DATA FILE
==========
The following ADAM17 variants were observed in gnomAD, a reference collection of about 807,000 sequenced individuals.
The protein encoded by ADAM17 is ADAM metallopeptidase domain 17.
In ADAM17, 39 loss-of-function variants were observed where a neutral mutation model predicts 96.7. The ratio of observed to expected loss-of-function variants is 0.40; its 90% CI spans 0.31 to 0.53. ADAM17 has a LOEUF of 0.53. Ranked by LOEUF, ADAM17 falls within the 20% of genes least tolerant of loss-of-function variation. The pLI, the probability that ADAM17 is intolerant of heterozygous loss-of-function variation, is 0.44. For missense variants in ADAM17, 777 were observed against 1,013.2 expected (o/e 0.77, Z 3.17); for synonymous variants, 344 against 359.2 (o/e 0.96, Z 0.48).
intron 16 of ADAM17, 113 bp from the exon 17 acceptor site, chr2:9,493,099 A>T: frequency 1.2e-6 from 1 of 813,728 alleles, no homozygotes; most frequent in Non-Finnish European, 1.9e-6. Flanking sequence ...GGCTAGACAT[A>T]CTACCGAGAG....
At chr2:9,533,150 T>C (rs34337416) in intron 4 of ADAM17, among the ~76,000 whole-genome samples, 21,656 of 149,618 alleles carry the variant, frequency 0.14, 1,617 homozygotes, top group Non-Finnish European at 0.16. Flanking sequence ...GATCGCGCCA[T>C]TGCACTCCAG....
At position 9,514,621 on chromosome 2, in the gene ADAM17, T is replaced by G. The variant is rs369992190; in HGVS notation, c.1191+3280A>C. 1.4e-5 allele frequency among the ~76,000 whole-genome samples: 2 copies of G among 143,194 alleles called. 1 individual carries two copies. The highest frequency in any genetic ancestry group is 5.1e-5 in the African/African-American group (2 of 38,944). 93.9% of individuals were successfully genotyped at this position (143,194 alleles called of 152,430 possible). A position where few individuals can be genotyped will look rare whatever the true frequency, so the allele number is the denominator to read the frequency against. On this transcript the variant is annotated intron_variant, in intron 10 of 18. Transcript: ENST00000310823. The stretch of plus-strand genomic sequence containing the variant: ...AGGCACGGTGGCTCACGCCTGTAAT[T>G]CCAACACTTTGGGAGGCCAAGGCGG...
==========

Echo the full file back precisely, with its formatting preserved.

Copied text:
The following ADAM17 variants were observed in gnomAD, a reference collection of about 807,000 sequenced individuals.
The protein encoded by ADAM17 is ADAM metallopeptidase domain 17.
In ADAM17, 39 loss-of-function variants were observed where a neutral mutation model predicts 96.7. The ratio of observed to expected loss-of-function variants is 0.40; its 90% CI spans 0.31 to 0.53. ADAM17 has a LOEUF of 0.53. Ranked by LOEUF, ADAM17 falls within the 20% of genes least tolerant of loss-of-function variation. The pLI, the probability that ADAM17 is intolerant of heterozygous loss-of-function variation, is 0.44. For missense variants in ADAM17, 777 were observed against 1,013.2 expected (o/e 0.77, Z 3.17); for synonymous variants, 344 against 359.2 (o/e 0.96, Z 0.48).
intron 16 of ADAM17, 113 bp from the exon 17 acceptor site, chr2:9,493,099 A>T: frequency 1.2e-6 from 1 of 813,728 alleles, no homozygotes; most frequent in Non-Finnish European, 1.9e-6. Flanking sequence ...GGCTAGACAT[A>T]CTACCGAGAG....
At chr2:9,533,150 T>C (rs34337416) in intron 4 of ADAM17, among the ~76,000 whole-genome samples, 21,656 of 149,618 alleles carry the variant, frequency 0.14, 1,617 homozygotes, top group Non-Finnish European at 0.16. Flanking sequence ...GATCGCGCCA[T>C]TGCACTCCAG....
At position 9,514,621 on chromosome 2, in the gene ADAM17, T is replaced by G. The variant is rs369992190; in HGVS notation, c.1191+3280A>C. 1.4e-5 allele frequency among the ~76,000 whole-genome samples: 2 copies of G among 143,194 alleles called. 1 individual carries two copies. The highest frequency in any genetic ancestry group is 5.1e-5 in the African/African-American group (2 of 38,944). 93.9% of individuals were successfully genotyped at this position (143,194 alleles called of 152,430 possible). A position where few individuals can be genotyped will look rare whatever the true frequency, so the allele number is the denominator to read the frequency against. On this transcript the variant is annotated intron_variant, in intron 10 of 18. Transcript: ENST00000310823. The stretch of plus-strand genomic sequence containing the variant: ...AGGCACGGTGGCTCACGCCTGTAAT[T>G]CCAACACTTTGGGAGGCCAAGGCGG...